1-03-2021, 20:47
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Red algae (Rhodophyta) and methods of combating them



Red algae, often referred to as red slime algae, are not actually algae - they are cyanobacteria. Cyanobacteria, often considered an evolutionary link between bacteria and algae, are some of the oldest life forms on Earth, dating back at least 3.5 billion years. These organisms produce oxygen as a by-product of photosynthesis and scientists believe that without this microscopic organism, there would be no blue skies on Earth.

The growth of red slime algae is a common problem in marine aquariums and must be dealt with to ensure a healthy environment for your aquarium plants and animals.

Identifying red mucus algae

Cyanobacteria are often called blue-green algae. However, only about half of these organisms are actually blue-green. Most of the forms found in saltwater fall into the range of other colours, including:

  • Blackish green to blue-green;
  • Orange-yellow to reddish brown;
  • Dark purple to completely black

Red slimy algae begin as small spots and, if no action is taken, spread rapidly throughout the aquarium.

Causes and solutions for red mucus algae

The excessive growth of red slime algae is usually caused by light or nutrients in the water. These are two ingredients that all algae need to grow. When trying to find a cure, try each solution in turn. Otherwise, when the problem disappears, it will be impossible to know where it originated and which solution helped fix it. Start with one remedy and see what results you get. If one remedy doesn't work, try another and so on until the problem is solved.

Lighting

The use of unsuitable light bulbs, lack of maintenance and extended lighting hours are factors that can lead to all sorts of algae problems. Although these organisms do well in the 665 to 680 nanometre (nm) wavelength range, they are also quite active in the 560 to 620 nm range.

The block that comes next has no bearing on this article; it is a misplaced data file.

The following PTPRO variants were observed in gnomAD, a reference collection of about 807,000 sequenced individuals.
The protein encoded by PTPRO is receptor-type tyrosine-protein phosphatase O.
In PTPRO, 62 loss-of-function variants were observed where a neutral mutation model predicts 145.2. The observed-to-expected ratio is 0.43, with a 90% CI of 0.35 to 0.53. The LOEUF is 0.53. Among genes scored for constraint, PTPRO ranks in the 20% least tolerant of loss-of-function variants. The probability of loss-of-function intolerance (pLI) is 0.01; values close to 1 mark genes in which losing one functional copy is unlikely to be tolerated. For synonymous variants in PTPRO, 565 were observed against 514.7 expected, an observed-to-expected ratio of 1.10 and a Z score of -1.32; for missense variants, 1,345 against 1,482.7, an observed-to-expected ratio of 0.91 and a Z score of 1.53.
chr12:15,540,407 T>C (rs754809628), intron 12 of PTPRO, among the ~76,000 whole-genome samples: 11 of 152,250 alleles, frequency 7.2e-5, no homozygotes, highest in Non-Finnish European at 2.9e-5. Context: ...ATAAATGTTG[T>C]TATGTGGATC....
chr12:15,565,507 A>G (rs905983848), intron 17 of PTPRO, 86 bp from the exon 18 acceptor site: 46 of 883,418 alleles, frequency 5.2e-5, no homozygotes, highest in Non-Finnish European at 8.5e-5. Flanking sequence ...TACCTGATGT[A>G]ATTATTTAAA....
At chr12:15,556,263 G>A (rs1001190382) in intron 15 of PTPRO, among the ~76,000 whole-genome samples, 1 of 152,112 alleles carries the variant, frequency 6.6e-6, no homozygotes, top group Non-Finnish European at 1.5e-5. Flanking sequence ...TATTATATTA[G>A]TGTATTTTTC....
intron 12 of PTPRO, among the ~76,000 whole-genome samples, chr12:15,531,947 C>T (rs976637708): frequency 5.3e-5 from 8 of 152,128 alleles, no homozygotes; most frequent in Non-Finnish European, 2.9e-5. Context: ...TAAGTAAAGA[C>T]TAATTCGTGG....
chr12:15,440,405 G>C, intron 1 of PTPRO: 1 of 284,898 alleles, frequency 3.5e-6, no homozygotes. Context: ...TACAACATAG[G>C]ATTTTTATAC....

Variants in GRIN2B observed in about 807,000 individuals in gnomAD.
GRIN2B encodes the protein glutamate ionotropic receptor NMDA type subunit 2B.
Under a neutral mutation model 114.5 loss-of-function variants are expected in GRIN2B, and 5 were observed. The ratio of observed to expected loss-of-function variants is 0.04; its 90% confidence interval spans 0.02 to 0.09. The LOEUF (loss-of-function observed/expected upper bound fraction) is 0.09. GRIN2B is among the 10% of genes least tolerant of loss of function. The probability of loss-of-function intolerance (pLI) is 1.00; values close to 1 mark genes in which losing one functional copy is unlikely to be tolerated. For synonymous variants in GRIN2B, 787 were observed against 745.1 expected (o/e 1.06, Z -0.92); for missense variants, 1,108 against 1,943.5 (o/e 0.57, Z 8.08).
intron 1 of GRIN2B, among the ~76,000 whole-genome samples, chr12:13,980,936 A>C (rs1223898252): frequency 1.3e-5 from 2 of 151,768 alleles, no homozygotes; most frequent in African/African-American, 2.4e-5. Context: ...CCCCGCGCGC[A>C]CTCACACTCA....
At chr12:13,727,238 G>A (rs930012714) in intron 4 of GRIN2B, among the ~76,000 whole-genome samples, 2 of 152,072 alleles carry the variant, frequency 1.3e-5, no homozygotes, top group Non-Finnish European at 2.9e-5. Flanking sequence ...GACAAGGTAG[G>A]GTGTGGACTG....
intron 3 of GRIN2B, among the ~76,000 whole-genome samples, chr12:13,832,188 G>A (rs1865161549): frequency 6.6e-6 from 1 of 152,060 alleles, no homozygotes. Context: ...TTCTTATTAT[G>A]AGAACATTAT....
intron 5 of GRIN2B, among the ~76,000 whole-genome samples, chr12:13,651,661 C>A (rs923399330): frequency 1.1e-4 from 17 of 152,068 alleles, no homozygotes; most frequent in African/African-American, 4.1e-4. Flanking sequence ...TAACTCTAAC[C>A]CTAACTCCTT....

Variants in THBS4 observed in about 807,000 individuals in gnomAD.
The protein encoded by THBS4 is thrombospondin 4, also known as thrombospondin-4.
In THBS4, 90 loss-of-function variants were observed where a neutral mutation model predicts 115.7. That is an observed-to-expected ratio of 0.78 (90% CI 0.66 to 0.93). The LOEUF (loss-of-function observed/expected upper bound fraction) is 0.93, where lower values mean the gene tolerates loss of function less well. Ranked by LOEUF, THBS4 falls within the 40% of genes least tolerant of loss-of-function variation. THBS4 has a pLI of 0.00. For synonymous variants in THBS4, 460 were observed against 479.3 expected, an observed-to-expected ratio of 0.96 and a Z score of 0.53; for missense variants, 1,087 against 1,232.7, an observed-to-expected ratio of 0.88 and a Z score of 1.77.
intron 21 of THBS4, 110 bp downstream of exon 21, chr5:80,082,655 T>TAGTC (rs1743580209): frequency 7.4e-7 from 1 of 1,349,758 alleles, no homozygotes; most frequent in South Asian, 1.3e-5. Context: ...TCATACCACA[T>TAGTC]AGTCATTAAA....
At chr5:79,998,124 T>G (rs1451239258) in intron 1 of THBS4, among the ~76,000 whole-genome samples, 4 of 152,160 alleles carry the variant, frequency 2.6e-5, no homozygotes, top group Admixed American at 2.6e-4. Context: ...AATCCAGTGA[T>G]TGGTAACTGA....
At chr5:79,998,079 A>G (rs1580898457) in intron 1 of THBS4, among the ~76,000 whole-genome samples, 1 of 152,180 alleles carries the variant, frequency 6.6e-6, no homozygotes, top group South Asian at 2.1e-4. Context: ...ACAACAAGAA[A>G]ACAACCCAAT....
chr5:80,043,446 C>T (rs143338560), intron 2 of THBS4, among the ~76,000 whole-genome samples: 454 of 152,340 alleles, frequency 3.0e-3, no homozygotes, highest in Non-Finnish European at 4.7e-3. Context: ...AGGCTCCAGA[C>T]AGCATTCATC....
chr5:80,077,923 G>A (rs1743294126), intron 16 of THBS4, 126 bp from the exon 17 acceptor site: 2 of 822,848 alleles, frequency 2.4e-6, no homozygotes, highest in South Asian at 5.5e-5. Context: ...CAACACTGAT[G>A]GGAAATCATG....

Solutions:

Only use lamps that are designed for use in the aquarium;
Turn on the lights for no more than 8-9 hours per day, depending on the needs of the aquarium inhabitants;
Try different types of lamps to increase the light intensity and optimize the spectral characteristics of the light in the aquarium.

Nutrients

Phosphate (PO4) and nitrate (NO3) are the main food sources for red and other slime algae. Phosphates usually enter aquariums using unfiltered fresh tap water as well as sea salt mixtures, activated carbon, food, etc.

Solutions:

  • Only use settled water and high quality sea salt;
  • Be aware of other elements that contain elevated levels of PO4 in their composition.


Red algae (Rhodophyta) and control methods
Dissolved organic compounds (DOC)

The accumulation of excess DOC in the aquarium causes problems with nitrate (NO3). However, nitrates can also be eliminated in the same way as phosphates and, as it is an end by-product from the nitrogen cycle, they can naturally reach high levels due to lack of proper aquarium maintenance. 

Solutions: 

  • Practice systematic aquarium maintenance: keep the substrate clean, remove uneaten food on time, wash and change filter or absorbent materials (filter filaments, cartridges, bio-wheels, sponges, charcoal) regularly, do partial water changes regularly.
  • Use a skimmer.
  • Add a few algae/detritus-feeding hermit crayfish, one or two real crabs, shrimps or other good "wipers" that sift through the substrate.
  • Avoid adding new fish and shellfish if the aquarium is experiencing PO4 and NO problems Also, avoid any water changes and any preventive substrate or filter cleaning activities, except replacing dirty filter media, until the aquarium has completely completed the nitrogen cycle. Since red slimy algae do not attach well, they can easily be cleaned and removed with a light siphon, and larger floating pieces can be removed with a net.

Combating red slime algae with additives

Although cleaning the aquarium and following proper maintenance procedures will not bring immediate results, you can use one of a number of additives to quickly resolve the problem within 1-2 days. Keep in mind, however, that many of these treatments only kill the slimy algae, but do not get rid of the underlying problem that causes them to reappear and further accelerate their growth.

Since cyanobacteria are a type of bacteria, many of the currently used supplements are antibiotics, which are drugs that can weaken or completely destroy the beneficial bacteria in the aquarium biological filter. Use these treatments carefully!

The test may deceive

Since slimy algae consume nitrates, the readings often remain normal when aquarists carry out nitrate tests. Do not be fooled. If you had temporarily removed the algae before using any other solutions, you would probably have noticed an increase in nitrate levels in the aquarium. Nitrates have actually been there all along, but they are undetectable when the algae feed on them, giving the impression that they are under control. This also applies to many other forms of algae.

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